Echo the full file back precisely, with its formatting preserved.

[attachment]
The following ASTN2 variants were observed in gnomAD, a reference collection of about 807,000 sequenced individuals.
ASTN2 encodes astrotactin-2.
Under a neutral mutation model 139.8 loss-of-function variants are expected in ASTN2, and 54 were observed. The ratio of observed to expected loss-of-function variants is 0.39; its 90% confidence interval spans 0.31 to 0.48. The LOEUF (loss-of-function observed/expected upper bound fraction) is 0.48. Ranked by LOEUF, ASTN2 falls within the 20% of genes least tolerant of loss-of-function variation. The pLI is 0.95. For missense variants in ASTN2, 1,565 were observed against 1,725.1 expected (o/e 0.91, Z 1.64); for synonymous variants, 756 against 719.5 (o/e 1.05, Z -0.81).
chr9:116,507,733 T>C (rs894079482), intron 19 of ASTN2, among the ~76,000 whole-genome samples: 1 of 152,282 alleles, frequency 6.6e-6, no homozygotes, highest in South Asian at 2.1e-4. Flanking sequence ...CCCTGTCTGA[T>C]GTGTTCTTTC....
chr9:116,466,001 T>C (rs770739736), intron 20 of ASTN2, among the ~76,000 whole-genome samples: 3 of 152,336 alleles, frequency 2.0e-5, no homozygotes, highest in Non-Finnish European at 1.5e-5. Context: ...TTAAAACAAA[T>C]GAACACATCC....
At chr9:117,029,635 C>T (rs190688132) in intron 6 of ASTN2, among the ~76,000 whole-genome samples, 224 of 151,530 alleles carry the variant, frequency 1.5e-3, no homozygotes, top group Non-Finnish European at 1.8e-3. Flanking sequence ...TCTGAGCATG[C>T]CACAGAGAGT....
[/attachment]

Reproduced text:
The following ASTN2 variants were observed in gnomAD, a reference collection of about 807,000 sequenced individuals.
ASTN2 encodes astrotactin-2.
Under a neutral mutation model 139.8 loss-of-function variants are expected in ASTN2, and 54 were observed. The ratio of observed to expected loss-of-function variants is 0.39; its 90% confidence interval spans 0.31 to 0.48. The LOEUF (loss-of-function observed/expected upper bound fraction) is 0.48. Ranked by LOEUF, ASTN2 falls within the 20% of genes least tolerant of loss-of-function variation. The pLI is 0.95. For missense variants in ASTN2, 1,565 were observed against 1,725.1 expected (o/e 0.91, Z 1.64); for synonymous variants, 756 against 719.5 (o/e 1.05, Z -0.81).
chr9:116,507,733 T>C (rs894079482), intron 19 of ASTN2, among the ~76,000 whole-genome samples: 1 of 152,282 alleles, frequency 6.6e-6, no homozygotes, highest in South Asian at 2.1e-4. Flanking sequence ...CCCTGTCTGA[T>C]GTGTTCTTTC....
chr9:116,466,001 T>C (rs770739736), intron 20 of ASTN2, among the ~76,000 whole-genome samples: 3 of 152,336 alleles, frequency 2.0e-5, no homozygotes, highest in Non-Finnish European at 1.5e-5. Context: ...TTAAAACAAA[T>C]GAACACATCC....
At chr9:117,029,635 C>T (rs190688132) in intron 6 of ASTN2, among the ~76,000 whole-genome samples, 224 of 151,530 alleles carry the variant, frequency 1.5e-3, no homozygotes, top group Non-Finnish European at 1.8e-3. Flanking sequence ...TCTGAGCATG[C>T]CACAGAGAGT....